Dr Strangelove or: How I Learned to Stop Worrying and Love Windows

For web development, I prefer to work on a Mac. But I also like to game. So I tend to invest in hardware that will allow me to game and work without shelling out for a top-of-the-line Apple PC (at the moment, I think that would be my ideal setup).

I’ve never had the time to fully embrace Linux as a Desktop environment (too busy trying to understand Windows, which as you’ll remember, I require for gaming). This has historically left me in a somewhat uneasy truce with Windows as my primary OS (Operating System).

Anyway, about a year ago I decided to take the jump to Vista. Don’t ask why, that’s a separate saga, and not important to the information presented here (if you ask nicely, I might tell you some time).

Just add RAM

After upgrading, my rig was coping ok with 2 GB of RAM, but it felt sluggish at times and did not seem quite enough for Vista plus gaming. RAM is fairly inexpensive these days, so I considered simply adding some more. My assumption was that this would be a simple upgrade “just add RAM”, you know like “just add water” (note: don’t mix the two). Needless to say I ran into a number of problems upgrading and trying to tweak performance, of which there seems to be much confusing and often conflicting information available online in articles and forums.

Luckily, at the time I was on holidays, so I had time to sift through the mountains of technical missives, waffling threads, and all-out flame wars to distil what I believe to be the most useful and accurate advice — which I’ll publish one day soon, in the meantime, the saga continues…

Just add 32 bits

After upgrading to 4 GB of RAM it became apparent that not all of it was visible to Vista, it turns out that a 32 bit operating system can only address up to 4 GB of memory (including RAM and memory attached to other devices, like a video card).

I considered enabling PAE (Physical Address Extension) but read that would introduce driver incompatibilities. Instead, I decided to upgrade to 64 bit Vista because a 64 bit OS can address all of my RAM and video memory at the same time.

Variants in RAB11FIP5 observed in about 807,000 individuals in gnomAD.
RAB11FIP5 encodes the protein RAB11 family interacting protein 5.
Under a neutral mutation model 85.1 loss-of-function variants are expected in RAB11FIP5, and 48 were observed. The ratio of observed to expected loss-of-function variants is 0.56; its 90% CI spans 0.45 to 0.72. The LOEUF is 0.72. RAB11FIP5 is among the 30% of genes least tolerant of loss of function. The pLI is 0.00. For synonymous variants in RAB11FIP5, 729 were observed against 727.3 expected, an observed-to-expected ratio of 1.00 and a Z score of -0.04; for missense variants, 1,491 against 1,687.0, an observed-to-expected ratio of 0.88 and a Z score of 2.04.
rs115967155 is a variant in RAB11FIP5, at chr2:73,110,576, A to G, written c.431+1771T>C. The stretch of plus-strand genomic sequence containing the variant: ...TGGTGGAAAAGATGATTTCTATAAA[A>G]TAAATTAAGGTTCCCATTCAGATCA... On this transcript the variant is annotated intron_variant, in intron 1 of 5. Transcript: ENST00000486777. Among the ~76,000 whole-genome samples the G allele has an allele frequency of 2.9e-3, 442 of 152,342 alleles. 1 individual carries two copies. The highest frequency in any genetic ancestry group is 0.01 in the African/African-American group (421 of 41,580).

Just add XP

Unfortunately, while 32 bit Vista was sluggish and a little unstable, 64 bit Vista was sluggish and extremely unstable. I put this down to a lack of quality 64 bit drivers, but the result was a return to XP. After weeks of reading, upgrading and general frustration I was back at square one.

At the time I decided not to blog about all of this because I don’t generally like to dwell on the negatives (certainly not worth dwelling on a failure of this magnitude).

Just add Windows 7

It’s ok though, because the saga has a happy ending. In the last couple of months, I have installed the 64 bit Windows 7 Release Candidate (W7) and the results have been very promising. Stability is good, and performance is great, and I’m a big fan of the W7 features and UI improvements over XP.

Many of these UI improvements of course have been lifted straight from the Mac OS X playbook, but Vista/W7 have a few nice features of their very own, for instance they provide very nice options for replacing/merging files and folders.

Two weeks ago I upgraded my rig to the Nehalem architecture, and 64 bit Windows 7 has been just as reliable, and a little snappier thanks to the i7 processor and 6GB of RAM.

The verdict

In short, for best performance and usability: If you can’t afford a hulking Apple — Use Windows 7, use the 64 bit edition and pack lots of RAM.

For a more detailed list of performance dos and don’ts that I accrued through much reading, trial and error, stay tuned for my next post…

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